your sleeve needs to measure 24 inches so you will need 120 stitches there.(5
times 24 = 120) Your sleeve is 15 inches long so you have to work 90 rows
in order to make this sleeve (15 inches long times 6 rows to the inch)
Remember 30 stitches at wrist and 120 ar armhole so your formula for this
garment is 30 from 120 =90stitches you need to increase in order to make
your sleeve and you have 90 rows to do it (15 inches times 6 rows to the
inch = 90) Now you have a lot of choices. You need 90 stitches and you
have 90 rows to do it so just increase one stitch at beginning of every
row-------or if you want roomier sleeve at wrist then increase 10 stitches
evenly over first row and then increase first and last stitch every other
row for next 80 rows and knit evenly last 10 rows. This is endless and
you are the designer so do what you want to do but remember you said you
need 30 stitches = 6inches at your wrist and 120 stitches=24 inches at
your armhole so work within those confines and you will be successful
no matter what happens in between. You might want ruffles, popcorns, cables,
bubbles, short rows, slits, holes or whatever in between.
YOUR BODY SHAPE IS THE SAME DIFFERENCE AS THE SLEEVE IDEA YOU KNOW WHAT
SHAPE you want and what size so just use your gauge and multiply
stitch times inches and rows times inches and you will be surprised at
just how easy it is.
BE CURIOUS ALL THE TIME, DON'T WAIT
GARTER STS SELVEDGE- always knit first sts. This makes an even edge and
may be easier to put sides together later.
KNIT ENDS-Begin and end every seam edge with a k1 (knit on right side
might be purl on wrong side if pattern is used) and when you sew the pieces
together from the right side, go into the center of each knit stitch on
the seam edge. One half of each knit stitch will disappear to the inside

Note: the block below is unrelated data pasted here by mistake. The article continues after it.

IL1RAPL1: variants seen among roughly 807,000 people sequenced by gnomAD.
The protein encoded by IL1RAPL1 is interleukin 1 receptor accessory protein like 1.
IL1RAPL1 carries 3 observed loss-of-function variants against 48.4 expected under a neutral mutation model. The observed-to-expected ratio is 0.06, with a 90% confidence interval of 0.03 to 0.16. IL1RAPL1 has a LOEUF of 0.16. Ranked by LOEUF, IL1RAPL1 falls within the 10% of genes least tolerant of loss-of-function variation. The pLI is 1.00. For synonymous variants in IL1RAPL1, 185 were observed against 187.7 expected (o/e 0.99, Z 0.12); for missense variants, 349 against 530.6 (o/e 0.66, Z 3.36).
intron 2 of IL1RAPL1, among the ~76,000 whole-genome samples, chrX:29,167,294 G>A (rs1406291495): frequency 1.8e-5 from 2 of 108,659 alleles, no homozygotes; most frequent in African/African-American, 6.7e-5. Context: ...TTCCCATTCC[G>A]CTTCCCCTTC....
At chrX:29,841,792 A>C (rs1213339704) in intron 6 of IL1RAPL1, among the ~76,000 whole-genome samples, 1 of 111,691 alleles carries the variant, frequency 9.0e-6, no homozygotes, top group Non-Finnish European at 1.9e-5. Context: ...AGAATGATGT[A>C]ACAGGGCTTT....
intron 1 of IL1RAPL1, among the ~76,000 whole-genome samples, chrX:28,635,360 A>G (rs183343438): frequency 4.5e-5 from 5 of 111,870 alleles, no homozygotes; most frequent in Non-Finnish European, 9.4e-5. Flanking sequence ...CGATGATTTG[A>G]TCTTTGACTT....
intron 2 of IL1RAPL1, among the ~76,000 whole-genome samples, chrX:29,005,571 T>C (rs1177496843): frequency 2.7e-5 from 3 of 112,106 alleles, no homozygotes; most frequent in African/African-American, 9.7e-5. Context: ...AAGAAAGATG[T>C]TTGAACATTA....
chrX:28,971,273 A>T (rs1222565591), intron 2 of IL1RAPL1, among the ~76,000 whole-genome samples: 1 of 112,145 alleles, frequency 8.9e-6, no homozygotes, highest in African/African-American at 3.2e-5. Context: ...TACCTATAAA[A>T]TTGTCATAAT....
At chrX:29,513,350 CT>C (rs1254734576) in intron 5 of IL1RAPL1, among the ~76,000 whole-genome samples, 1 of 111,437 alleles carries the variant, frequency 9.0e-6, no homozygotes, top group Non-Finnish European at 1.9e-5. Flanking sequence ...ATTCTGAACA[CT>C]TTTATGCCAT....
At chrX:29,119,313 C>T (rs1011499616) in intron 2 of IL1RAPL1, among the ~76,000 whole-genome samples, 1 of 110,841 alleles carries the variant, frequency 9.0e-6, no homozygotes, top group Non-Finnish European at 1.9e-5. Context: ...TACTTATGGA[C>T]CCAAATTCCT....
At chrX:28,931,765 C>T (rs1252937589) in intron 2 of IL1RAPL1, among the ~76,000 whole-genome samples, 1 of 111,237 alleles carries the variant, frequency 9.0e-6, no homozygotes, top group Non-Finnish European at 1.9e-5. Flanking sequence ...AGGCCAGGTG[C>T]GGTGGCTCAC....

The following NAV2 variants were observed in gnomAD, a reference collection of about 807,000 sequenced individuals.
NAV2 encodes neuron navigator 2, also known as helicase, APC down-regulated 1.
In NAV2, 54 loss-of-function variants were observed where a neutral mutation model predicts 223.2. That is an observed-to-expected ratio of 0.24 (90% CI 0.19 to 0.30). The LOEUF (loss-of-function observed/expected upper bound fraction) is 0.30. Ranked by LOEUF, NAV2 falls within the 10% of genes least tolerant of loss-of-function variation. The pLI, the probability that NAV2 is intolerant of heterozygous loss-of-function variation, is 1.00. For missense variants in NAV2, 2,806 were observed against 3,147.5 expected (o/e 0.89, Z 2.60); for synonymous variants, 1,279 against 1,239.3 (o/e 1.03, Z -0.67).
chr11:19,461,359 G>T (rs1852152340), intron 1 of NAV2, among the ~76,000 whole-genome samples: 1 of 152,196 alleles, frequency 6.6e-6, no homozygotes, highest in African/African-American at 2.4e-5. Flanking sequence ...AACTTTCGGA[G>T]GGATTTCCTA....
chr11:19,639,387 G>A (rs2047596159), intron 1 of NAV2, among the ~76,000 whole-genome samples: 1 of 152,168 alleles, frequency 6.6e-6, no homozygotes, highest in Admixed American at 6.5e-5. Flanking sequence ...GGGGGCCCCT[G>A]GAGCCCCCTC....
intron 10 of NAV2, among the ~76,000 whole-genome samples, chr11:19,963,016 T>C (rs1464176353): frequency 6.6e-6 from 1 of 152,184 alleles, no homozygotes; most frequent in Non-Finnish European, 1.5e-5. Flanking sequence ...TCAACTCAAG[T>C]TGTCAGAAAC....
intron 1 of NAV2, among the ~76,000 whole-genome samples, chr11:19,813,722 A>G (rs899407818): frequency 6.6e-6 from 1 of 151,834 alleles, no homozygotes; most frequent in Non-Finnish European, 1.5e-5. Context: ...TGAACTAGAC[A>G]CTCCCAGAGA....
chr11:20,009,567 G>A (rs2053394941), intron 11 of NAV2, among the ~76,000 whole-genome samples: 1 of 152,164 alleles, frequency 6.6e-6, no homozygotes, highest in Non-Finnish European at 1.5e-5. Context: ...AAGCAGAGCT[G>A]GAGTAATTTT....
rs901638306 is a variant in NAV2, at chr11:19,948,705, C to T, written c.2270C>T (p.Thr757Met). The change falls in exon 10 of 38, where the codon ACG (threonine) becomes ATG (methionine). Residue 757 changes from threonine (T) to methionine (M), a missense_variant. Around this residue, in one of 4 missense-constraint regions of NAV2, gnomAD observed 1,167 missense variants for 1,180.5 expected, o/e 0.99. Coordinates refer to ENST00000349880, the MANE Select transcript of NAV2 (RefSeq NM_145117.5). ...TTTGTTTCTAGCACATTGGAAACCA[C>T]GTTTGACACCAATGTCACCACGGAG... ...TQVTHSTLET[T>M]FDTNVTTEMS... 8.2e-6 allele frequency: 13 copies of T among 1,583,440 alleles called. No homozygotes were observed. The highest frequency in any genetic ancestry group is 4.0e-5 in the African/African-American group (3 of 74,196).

and one half will make up a single knit stitch at the invisible seam.
First and second stitch, tug yarn so you won't have big loops at end.
Edges you do later:
Pick up all stitches around the edge. Next row bind off. Or knit one row
and then bind off.
Rolled work with needle two sizes smaller than the one used for stockinette
until depth of roll is achieved. Bind off with a larger needle.
Simple edges: sometimes
you need to do an edge while you are knitting the garment and sometimes
you can do it when you have finished each section but you do need to know
what you want !!
Bound Pick up stitches
evenly, work in stockinette stitch until desired depth then purl one row
on the knit side or knit one row on the purl side for the turn then work
the same number of rows as before. Fold this in half and sew the stitches
to the base of picked-up row. If this edge is worked around a curve then
decreases should be made on either side of the shoulder markers up to
the hemline row then the increases are made in the same way to end of
Picot Same as bound except the purl one row on the knit side is *yarn
over, knit two together* across this row then next row purl for stockinette
Bias Use smaller size needles. Cast on number of stitches needed for the
width of the border. Work in stockinette stitch or k1,p1 rib, increase
1 stitch at the beginning of each right side row while decreasing 1 stitch
at the end of the same row. Do this until the length is achieved. Stitch
this in place from wrong side. Make sure that you sew into the same stitch
of the main piece on every row.
Rib edge is always good Rib with cables in it is less elastic.
Ribbing always pick up with yarn on needle in right hand, Don't create
CASTING OFF DIFFERENT COLORS: Knit the stitch immediately prior to the
color change in the next color. When the stitch is slipped over the top
it sits over the next color block and is correct.